Abortion will not be legal until January 2019 at the earliest, Varadkar says
Government lays out timetable for implementation of referendum result
Minister for Health Simon Harris. Photograph: Niall Carson/PA
The Dáil is likely to shorten its summer recess to allow an abortion Bill to be debated, but the legalisation of abortion will not be in place until the beginning of next year at the earliest.
Both Taoiseach Leo Varadkar and Minister for Health Simon Harris addressed TDs in the Dáil on Tuesday and stressed the Government’s intention to push ahead with legislation and other arrangements to provide for abortion services in Ireland in accordance with the weekend’s referendum.
However, both men also outlined a number of steps that need to be taken over the coming months, and Mr Varadkar said that it would be January 2019 at the earliest before the legislation is fully operational.
“We are still anticipating that even with the best intentions, it will be the end of the year, January 1st, 2019, before we give full effect to the will of the people. The legislation might be through in October or November, but it will be January before we will be able to give effect to the new regime,” Mr Varadkar said.
Mr Harris brought a memorandum to cabinet on Tuesday in the wake of the referendum result, asking for formal permission to draft the abortion Bill and also briefed his Cabinet colleagues on his timetable for the next steps.
He also intends to meet with Opposition leaders on Thursday to discuss cross-party co-operation over the coming months.
Mr Harris told colleagues that there are three separate areas where work will now commence to give effect to the decision of the referendum.
Officials in the Department of Health and the Attorney General’s office will draft the legislation which is intended to be published in about six weeks. Once completed and published, the Dáil may extend its July sitting to complete the second stage (ie, the first Dáil debate) before it rises for the summer recess.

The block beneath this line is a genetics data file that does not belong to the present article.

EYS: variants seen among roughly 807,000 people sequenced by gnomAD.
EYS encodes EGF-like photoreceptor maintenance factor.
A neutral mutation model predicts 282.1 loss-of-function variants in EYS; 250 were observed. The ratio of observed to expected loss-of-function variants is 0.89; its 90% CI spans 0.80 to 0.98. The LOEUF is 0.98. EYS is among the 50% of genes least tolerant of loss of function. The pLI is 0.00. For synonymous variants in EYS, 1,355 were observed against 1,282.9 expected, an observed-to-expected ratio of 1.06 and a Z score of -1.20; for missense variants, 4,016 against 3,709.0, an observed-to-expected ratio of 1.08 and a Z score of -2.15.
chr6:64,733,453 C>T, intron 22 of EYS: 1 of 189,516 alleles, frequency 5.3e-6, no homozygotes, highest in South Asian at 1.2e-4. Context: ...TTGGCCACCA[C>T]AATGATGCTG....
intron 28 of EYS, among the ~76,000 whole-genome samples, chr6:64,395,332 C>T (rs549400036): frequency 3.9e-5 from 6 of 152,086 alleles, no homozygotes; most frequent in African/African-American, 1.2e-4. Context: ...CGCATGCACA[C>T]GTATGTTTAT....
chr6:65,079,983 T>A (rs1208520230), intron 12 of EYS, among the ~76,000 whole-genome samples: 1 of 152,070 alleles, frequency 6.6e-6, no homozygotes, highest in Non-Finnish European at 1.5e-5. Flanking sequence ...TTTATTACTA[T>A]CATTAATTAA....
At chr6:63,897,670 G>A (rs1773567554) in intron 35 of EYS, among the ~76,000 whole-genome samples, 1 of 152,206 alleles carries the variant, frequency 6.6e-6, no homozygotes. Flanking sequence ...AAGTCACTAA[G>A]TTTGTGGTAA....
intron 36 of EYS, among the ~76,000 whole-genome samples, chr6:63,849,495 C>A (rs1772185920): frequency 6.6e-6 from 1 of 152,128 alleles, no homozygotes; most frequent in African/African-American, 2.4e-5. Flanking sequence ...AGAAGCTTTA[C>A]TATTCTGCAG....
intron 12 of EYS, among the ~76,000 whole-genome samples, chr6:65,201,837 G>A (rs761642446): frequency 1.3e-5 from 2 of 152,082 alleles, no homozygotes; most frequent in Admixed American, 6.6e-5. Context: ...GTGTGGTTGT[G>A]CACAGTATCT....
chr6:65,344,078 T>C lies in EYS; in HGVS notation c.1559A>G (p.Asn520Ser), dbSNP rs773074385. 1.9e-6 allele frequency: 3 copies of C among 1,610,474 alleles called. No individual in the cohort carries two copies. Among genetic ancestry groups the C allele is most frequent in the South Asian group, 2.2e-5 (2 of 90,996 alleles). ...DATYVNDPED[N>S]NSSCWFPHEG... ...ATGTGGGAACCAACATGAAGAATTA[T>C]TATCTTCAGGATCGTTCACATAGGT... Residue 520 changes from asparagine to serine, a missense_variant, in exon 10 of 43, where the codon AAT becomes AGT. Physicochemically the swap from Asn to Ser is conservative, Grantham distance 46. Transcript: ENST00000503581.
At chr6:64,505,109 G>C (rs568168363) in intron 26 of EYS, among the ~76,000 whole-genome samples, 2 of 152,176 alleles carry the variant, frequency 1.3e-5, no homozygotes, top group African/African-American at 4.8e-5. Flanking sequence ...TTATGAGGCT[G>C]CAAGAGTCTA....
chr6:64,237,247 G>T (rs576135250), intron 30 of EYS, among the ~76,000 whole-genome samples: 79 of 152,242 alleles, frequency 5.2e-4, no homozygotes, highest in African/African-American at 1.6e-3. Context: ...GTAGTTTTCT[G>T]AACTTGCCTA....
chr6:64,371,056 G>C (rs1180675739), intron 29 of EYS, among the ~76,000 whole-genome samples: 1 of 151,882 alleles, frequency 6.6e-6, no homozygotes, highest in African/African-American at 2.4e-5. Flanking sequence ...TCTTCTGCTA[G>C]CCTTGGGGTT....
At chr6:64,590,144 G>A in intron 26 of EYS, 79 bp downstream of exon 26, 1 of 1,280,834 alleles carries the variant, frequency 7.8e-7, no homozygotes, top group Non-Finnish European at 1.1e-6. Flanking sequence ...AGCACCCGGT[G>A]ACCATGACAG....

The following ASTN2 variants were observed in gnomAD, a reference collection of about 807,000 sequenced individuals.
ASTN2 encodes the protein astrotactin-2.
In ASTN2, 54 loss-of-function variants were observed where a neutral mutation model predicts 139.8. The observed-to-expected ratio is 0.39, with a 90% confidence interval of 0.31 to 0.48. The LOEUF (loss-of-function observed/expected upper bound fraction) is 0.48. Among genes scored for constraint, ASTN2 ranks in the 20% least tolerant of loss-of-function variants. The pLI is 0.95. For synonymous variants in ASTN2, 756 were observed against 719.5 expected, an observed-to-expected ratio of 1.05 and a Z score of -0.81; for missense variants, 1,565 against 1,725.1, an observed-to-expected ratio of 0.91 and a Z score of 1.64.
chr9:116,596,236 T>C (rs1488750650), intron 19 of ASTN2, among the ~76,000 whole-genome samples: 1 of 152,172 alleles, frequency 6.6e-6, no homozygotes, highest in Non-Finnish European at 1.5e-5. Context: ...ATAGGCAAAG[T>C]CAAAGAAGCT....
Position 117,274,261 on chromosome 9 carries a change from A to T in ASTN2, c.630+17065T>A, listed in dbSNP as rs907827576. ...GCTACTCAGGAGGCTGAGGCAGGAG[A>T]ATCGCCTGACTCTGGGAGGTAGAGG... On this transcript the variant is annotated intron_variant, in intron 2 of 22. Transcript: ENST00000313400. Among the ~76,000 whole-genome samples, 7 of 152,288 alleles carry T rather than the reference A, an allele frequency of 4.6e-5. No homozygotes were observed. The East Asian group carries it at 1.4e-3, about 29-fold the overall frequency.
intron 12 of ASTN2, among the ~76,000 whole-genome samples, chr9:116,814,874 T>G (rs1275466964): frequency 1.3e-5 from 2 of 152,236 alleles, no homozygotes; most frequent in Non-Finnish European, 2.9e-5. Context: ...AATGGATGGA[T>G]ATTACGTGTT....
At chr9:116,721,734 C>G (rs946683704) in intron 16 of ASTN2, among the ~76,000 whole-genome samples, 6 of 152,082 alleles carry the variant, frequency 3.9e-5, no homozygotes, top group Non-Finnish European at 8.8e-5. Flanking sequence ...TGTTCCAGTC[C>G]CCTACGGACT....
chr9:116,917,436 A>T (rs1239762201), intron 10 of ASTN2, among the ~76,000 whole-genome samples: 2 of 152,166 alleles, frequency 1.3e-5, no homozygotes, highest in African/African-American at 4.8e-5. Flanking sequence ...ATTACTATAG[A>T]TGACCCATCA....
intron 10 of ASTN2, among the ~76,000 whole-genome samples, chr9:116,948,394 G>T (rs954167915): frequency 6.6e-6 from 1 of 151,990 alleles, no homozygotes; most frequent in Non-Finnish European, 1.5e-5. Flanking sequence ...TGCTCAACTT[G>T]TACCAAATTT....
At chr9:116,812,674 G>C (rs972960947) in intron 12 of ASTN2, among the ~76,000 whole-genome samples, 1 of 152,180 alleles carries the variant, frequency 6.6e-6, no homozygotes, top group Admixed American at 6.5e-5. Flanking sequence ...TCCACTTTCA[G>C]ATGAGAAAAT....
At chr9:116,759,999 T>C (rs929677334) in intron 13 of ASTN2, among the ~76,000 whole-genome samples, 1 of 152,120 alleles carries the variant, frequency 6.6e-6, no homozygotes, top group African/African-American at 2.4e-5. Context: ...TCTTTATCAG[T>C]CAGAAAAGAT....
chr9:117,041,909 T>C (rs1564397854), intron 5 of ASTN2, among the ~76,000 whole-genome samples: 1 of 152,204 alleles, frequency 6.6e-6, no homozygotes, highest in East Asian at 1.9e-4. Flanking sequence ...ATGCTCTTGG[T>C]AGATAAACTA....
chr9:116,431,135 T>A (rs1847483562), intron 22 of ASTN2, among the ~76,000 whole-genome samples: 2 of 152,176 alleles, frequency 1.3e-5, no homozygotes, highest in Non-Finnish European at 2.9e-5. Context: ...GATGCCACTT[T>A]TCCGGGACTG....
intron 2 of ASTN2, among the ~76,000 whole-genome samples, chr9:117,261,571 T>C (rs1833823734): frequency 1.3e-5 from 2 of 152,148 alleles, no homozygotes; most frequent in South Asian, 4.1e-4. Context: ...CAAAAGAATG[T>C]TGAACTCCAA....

Mr Varadkar indicated that the health committee could then begin the next stage of the process during the summer holidays, allowing the Bill to return to the Dáil in September or October.
Once it passes its final stage in the Dáil, it will transfer to the Seanad. However, even if passed in October by the Oireachtas, the Government does not expect the legalisation of abortion to be in place until the new year.
Mr Varadkar said that clinical guidelines will also have to be drawn up by the the Irish College of General Practitioners, the Institute of Obstetricians and Gynaecologists, and the Royal College of Physicians of Ireland.
Meetings between the professional medical bodies and officials from the Department of Health took place on Tuesday.
In addition, abortion pills will have to be licensed by the Health Products Regulatory Authority,
Mr Varadkar warned that the Government should “act with haste but not too much haste” in case “we put through bad legislation”.
Responding to Opposition calls for aspects of the prohibition on abortion to be repealed before the full legislation is passed, Mr Varadkar said the Government was willing to consider that, but that it would delay the production of the substantive Bill.